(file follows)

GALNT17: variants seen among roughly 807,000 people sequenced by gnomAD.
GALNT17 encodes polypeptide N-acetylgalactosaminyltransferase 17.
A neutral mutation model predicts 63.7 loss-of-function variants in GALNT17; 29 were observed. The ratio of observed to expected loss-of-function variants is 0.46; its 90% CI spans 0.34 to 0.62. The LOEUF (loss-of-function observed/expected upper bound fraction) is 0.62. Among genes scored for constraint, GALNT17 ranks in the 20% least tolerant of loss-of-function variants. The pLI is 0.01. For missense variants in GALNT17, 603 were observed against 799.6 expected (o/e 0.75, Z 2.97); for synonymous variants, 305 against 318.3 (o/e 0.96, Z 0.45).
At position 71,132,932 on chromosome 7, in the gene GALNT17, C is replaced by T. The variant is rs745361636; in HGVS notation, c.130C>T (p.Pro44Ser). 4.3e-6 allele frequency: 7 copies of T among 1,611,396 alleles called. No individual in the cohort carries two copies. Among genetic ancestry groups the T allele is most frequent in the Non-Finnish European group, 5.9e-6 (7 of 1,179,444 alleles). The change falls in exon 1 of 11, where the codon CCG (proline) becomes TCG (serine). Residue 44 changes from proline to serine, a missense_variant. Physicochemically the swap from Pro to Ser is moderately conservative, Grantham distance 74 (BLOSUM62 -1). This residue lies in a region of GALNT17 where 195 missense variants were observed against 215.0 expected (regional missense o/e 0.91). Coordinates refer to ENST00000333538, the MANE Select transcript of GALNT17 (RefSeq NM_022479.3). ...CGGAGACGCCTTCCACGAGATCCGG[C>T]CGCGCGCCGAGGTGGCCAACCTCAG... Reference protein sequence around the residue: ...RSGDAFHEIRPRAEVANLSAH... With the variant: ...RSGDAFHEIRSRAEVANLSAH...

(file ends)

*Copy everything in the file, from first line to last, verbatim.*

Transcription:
GALNT17: variants seen among roughly 807,000 people sequenced by gnomAD.
GALNT17 encodes polypeptide N-acetylgalactosaminyltransferase 17.
A neutral mutation model predicts 63.7 loss-of-function variants in GALNT17; 29 were observed. The ratio of observed to expected loss-of-function variants is 0.46; its 90% CI spans 0.34 to 0.62. The LOEUF (loss-of-function observed/expected upper bound fraction) is 0.62. Among genes scored for constraint, GALNT17 ranks in the 20% least tolerant of loss-of-function variants. The pLI is 0.01. For missense variants in GALNT17, 603 were observed against 799.6 expected (o/e 0.75, Z 2.97); for synonymous variants, 305 against 318.3 (o/e 0.96, Z 0.45).
At position 71,132,932 on chromosome 7, in the gene GALNT17, C is replaced by T. The variant is rs745361636; in HGVS notation, c.130C>T (p.Pro44Ser). 4.3e-6 allele frequency: 7 copies of T among 1,611,396 alleles called. No individual in the cohort carries two copies. Among genetic ancestry groups the T allele is most frequent in the Non-Finnish European group, 5.9e-6 (7 of 1,179,444 alleles). The change falls in exon 1 of 11, where the codon CCG (proline) becomes TCG (serine). Residue 44 changes from proline to serine, a missense_variant. Physicochemically the swap from Pro to Ser is moderately conservative, Grantham distance 74 (BLOSUM62 -1). This residue lies in a region of GALNT17 where 195 missense variants were observed against 215.0 expected (regional missense o/e 0.91). Coordinates refer to ENST00000333538, the MANE Select transcript of GALNT17 (RefSeq NM_022479.3). ...CGGAGACGCCTTCCACGAGATCCGG[C>T]CGCGCGCCGAGGTGGCCAACCTCAG... Reference protein sequence around the residue: ...RSGDAFHEIRPRAEVANLSAH... With the variant: ...RSGDAFHEIRSRAEVANLSAH...